A deadly beast is back with ’70s scares in this smart horror flick

A deadly beast is back with ’70s scares in this smart horror flick

Carnifex ★★★½
(M) 91 minutes

The Australian Museum’s description of Thylacoleo Carnifex, “the largest carnivorous mammal ever known”, gives a horror filmmaker plenty to work with. “It may have been an ambush predator or scavenger, and had enormous slicing cheek teeth, large stabbing incisor teeth … and a huge thumb claw that may have been used to disembowel its prey.”

Excellent. All debut director Sean Lahiff has to add is the bush, the music, the tension and the blood. This is an all-South Australian production – a shoestring horror of the old school, with a contemporary message about species preservation. Don’t let anyone say they don’t make movies like they used to. Carnifex is a textbook 1970s-era monster mash-up. We don’t need no stinking budget; we got imagination, we got someone in a fur suit, let’s put on a show!

Harry Greenwood, Alexandra Park and Sisi Stringer are tracked by a terrifying creature in Carnifex.Credit:Maslow Entertainment

Three young people go into the bush on scientific assignment. Ben (Harry Greenwood) and Grace (Sisi Stringer) are biologists, quietly smouldering for each other as they survey a remote area’s wildlife with motion-triggered cameras.

Bailey (Alexandra Park) tags along to shoot a documentary on their work. She’s a big-city girl – quite discomfited by the threat of the bush. Darren Gilshenan plays an older, more cynical park ranger. We know from his swagger that he will be one of the first to go.

Shanti Gudgeon’s script follows the genre rules. First the trio of innocents must go beyond phone coverage, a modern prerequisite. Second, the fatal action must be delayed as long as possible, as a series of false alarm teasers jangle our nerves. The monster must not be seen at all, for as long as possible. When the final showdown erupts, it must be pedal-to-the-floor action for as long as possible, with death a frequent visitor. Carnifex complies admirably with all of these tropes. There’s even a stray cattle dog to root for.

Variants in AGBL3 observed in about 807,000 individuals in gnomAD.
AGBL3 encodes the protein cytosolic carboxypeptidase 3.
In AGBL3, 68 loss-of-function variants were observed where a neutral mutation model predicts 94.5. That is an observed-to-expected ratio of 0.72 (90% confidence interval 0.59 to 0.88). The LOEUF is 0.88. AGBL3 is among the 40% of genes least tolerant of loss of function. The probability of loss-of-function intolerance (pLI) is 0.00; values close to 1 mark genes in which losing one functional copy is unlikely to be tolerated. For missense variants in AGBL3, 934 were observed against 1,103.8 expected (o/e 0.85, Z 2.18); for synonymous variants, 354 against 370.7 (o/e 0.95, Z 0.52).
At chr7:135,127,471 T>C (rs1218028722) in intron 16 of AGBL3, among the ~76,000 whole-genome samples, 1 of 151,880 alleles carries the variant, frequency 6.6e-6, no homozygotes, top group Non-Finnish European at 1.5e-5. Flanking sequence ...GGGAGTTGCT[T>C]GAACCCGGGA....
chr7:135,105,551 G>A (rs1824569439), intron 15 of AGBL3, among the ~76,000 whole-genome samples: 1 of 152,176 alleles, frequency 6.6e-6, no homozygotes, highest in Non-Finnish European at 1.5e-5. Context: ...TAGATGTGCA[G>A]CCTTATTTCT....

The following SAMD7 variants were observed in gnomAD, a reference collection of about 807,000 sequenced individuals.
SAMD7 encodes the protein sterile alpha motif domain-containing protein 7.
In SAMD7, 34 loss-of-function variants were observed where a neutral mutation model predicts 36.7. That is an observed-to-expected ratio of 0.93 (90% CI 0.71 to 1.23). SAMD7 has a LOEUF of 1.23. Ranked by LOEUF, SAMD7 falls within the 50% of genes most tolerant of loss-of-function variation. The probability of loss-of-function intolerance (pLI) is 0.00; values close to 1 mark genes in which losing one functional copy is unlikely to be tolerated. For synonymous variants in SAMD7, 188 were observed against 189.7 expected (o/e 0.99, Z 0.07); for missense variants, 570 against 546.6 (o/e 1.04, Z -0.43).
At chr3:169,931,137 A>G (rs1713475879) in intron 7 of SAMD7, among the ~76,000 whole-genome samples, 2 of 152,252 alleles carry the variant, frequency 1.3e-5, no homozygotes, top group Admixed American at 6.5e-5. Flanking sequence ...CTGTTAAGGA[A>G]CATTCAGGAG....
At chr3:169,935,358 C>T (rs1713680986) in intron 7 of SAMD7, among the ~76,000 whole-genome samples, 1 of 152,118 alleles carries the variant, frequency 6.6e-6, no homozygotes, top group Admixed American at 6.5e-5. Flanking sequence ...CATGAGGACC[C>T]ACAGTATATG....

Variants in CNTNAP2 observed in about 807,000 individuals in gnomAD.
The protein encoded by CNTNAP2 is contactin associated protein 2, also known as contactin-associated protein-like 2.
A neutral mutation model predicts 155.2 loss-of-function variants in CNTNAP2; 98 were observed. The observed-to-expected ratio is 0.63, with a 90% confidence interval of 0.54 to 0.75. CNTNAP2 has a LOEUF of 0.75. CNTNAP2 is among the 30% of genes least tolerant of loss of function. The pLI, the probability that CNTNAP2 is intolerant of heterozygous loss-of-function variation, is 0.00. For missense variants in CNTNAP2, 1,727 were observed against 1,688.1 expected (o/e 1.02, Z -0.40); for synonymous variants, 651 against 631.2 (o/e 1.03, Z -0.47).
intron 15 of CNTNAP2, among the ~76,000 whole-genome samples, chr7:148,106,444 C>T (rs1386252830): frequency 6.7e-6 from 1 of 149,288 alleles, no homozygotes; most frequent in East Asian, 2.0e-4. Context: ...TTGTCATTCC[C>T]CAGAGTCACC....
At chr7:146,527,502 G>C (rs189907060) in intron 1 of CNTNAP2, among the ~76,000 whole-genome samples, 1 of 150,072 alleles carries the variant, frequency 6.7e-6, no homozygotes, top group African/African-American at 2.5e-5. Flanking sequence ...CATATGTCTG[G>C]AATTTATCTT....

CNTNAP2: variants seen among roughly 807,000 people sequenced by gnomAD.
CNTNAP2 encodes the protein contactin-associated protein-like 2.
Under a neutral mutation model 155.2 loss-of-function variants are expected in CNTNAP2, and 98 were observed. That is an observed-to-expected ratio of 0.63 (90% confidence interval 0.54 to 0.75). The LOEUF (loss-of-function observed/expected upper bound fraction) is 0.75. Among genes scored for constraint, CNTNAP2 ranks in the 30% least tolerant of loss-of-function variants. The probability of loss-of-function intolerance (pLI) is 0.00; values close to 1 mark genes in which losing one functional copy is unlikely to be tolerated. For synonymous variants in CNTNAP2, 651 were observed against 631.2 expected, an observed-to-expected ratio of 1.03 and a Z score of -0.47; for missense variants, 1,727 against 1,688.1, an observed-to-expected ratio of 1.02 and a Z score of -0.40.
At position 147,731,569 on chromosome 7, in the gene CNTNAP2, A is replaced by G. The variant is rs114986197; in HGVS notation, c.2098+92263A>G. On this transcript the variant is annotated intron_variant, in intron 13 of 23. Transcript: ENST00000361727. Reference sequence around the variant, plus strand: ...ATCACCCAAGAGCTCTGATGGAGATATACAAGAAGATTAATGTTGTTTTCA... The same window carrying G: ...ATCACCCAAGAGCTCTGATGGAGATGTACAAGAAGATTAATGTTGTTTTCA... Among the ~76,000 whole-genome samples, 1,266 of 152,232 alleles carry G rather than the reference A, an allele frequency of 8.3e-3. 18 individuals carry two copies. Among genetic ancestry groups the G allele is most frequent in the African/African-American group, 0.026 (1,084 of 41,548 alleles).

Lahiff, the son of the late director Craig Lahiff, makes good use of sound and dark forest, shot at twilight. The terrifying loneliness of the bush does most of the work. The bush doesn’t care if these young things are hip to conservation. The bush just wants blood. The “thing” is no more than grunts and snuffles and glimpses of fur.

It would be churlish to ask how an animal that has been thought extinct for 46,000 years could still be out there. Ben, the mansplainer, gives the bones of a theory– the bushfires have driven many animals into areas they were never seen, much closer to humans. And their first reaction to finding something new is that it’s a fantastic discovery – its presence will help them to save this whole wilderness area. But who will save them?

Carnifex is in cinemas from December 1.

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